I'm trying to use importlib.import_module in Python 2.7.2 and run into the strange error.

Consider the following dir structure:

    + - __init__.py
      - b
        + - __init__.py
          - c.py

a/b/__init__.py has the following code:

    import importlib

    mod = importlib.import_module("c")

(In real code "c"has a name.)

Trying to import a.b, yields the following error:

    >>> import a.b
    Traceback (most recent call last):
      File "", line 1, in 
      File "a/b/__init__.py", line 3, in 
        mod = importlib.import_module("c")
      File "/opt/Python-2.7.2/lib/python2.7/importlib/__init__.py", line 37, in   import_module
    ImportError: No module named c

What am I missing?



For relative imports you have to:

  • a) use relative name
  • b) provide anchor explicitly

    importlib.import_module('.c', 'a.b')

Of course, you could also just do absolute import instead:


I think it's better to use importlib.import_module('.c', __name__) since you don't need to know about a and b.

I'm also wondering that, if you have to use importlib.import_module('a.b.c'), why not just use import a.b.c?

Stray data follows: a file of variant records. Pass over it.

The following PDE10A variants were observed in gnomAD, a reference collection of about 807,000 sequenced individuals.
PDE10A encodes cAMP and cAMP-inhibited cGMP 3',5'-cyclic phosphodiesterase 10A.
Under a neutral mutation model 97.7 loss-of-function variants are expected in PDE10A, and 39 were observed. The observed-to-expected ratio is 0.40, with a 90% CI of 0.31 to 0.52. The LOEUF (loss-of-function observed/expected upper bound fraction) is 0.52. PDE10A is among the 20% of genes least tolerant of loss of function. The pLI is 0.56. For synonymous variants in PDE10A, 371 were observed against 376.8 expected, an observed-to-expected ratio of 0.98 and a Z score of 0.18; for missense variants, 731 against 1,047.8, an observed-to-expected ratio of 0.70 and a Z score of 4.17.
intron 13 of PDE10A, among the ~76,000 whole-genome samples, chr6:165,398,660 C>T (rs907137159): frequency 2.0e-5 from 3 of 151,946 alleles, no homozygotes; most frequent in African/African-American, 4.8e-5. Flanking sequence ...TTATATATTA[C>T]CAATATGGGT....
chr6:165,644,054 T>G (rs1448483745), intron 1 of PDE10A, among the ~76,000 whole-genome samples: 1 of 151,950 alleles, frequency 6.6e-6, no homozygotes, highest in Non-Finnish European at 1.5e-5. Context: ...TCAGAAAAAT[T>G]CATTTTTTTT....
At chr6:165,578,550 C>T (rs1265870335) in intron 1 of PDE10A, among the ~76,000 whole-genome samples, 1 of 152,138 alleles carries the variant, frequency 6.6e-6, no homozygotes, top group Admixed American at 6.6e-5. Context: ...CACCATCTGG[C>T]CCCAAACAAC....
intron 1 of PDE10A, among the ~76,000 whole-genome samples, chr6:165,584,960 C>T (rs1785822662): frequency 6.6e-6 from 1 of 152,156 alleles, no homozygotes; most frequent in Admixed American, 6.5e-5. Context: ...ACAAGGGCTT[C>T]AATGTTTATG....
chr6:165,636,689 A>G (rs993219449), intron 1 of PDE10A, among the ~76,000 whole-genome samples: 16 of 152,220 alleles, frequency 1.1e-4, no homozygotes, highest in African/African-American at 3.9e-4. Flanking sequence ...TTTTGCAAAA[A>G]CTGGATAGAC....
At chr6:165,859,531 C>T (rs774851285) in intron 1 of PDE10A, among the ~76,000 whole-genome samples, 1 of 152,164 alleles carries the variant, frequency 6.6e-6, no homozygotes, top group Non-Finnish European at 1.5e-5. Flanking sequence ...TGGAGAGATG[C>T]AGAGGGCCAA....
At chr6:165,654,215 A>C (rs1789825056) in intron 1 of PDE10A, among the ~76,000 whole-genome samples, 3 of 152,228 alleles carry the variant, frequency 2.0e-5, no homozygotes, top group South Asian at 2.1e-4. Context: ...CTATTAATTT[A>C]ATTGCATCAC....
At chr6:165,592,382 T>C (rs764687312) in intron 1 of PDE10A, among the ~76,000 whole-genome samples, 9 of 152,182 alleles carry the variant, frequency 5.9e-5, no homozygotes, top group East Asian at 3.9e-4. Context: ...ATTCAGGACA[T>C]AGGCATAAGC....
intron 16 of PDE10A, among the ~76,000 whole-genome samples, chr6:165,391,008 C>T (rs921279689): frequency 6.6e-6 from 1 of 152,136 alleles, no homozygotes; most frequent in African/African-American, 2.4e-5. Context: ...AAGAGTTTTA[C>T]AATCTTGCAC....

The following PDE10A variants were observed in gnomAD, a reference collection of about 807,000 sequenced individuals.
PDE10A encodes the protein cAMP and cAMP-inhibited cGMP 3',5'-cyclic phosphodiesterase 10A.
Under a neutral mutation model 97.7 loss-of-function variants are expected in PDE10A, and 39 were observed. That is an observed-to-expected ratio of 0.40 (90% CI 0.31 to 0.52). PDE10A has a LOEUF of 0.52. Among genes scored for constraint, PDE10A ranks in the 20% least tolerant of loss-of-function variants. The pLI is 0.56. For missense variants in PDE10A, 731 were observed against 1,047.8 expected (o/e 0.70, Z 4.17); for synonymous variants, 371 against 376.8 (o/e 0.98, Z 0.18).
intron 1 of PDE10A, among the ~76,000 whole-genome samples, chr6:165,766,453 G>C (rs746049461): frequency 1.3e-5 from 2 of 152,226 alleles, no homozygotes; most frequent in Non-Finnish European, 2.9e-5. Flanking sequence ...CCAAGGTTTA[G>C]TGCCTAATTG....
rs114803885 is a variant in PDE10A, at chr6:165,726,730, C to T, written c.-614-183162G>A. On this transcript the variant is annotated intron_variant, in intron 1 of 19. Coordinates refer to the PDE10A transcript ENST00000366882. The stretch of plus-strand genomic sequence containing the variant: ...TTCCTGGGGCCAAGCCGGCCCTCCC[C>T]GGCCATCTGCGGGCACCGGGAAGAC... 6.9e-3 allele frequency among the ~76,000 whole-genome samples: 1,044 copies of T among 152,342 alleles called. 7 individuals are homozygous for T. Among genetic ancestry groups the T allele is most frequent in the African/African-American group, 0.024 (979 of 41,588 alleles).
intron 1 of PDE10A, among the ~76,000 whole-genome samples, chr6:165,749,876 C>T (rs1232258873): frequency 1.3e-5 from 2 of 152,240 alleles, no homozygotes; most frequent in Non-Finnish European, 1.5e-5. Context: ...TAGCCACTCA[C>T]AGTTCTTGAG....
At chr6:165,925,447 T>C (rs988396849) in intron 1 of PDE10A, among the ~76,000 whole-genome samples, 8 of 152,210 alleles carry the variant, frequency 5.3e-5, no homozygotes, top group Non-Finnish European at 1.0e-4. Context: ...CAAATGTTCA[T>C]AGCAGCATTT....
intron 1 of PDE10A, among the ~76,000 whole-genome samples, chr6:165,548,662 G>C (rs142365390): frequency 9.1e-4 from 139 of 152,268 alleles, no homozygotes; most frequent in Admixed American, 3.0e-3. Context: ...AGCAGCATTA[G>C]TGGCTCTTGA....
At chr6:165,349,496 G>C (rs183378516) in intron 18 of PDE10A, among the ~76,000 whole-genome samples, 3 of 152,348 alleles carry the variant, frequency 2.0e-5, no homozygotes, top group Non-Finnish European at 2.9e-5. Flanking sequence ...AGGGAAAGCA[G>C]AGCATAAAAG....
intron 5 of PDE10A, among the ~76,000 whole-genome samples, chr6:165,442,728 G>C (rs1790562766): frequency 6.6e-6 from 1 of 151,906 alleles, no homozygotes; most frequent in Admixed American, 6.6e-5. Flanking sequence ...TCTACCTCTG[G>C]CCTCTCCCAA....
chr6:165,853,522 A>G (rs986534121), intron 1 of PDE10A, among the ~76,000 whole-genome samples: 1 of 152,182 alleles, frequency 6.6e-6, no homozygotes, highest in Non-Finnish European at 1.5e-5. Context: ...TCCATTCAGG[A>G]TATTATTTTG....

• 23
    It's useful when module name is a variable. – Bhargav Nanekalva Nov 1 '15 at 9:45
  • It's also useful when the module name is not a valid python identifier (e.g. has dashes in it). – fool4jesus Feb 28 '20 at 17:36

And don't forget to create a __init__.py with each folder/subfolder (even if they are empty)

  • 1
    Why though? I found this: stackoverflow.com/questions/448271/what-is-init-py-for#448279 with the comment by @TwoBItAlchemist being most useful I think """Python searches a list of directories to resolve names in, e.g., import statements. Because these can be any directory, and arbitrary ones can be added by the end user, the developers have to worry about directories that happen to share a name with a valid Python module, such as 'string' in the docs example. To alleviate this, it ignores directories which do not contain a file named _ _ init _ _.py (no spaces), even if it is blank.""" – Neil McGill May 29 '20 at 17:55

Your Answer

By clicking “Post Your Answer”, you agree to our terms of service, privacy policy and cookie policy

Not the answer you're looking for? Browse other questions tagged or ask your own question.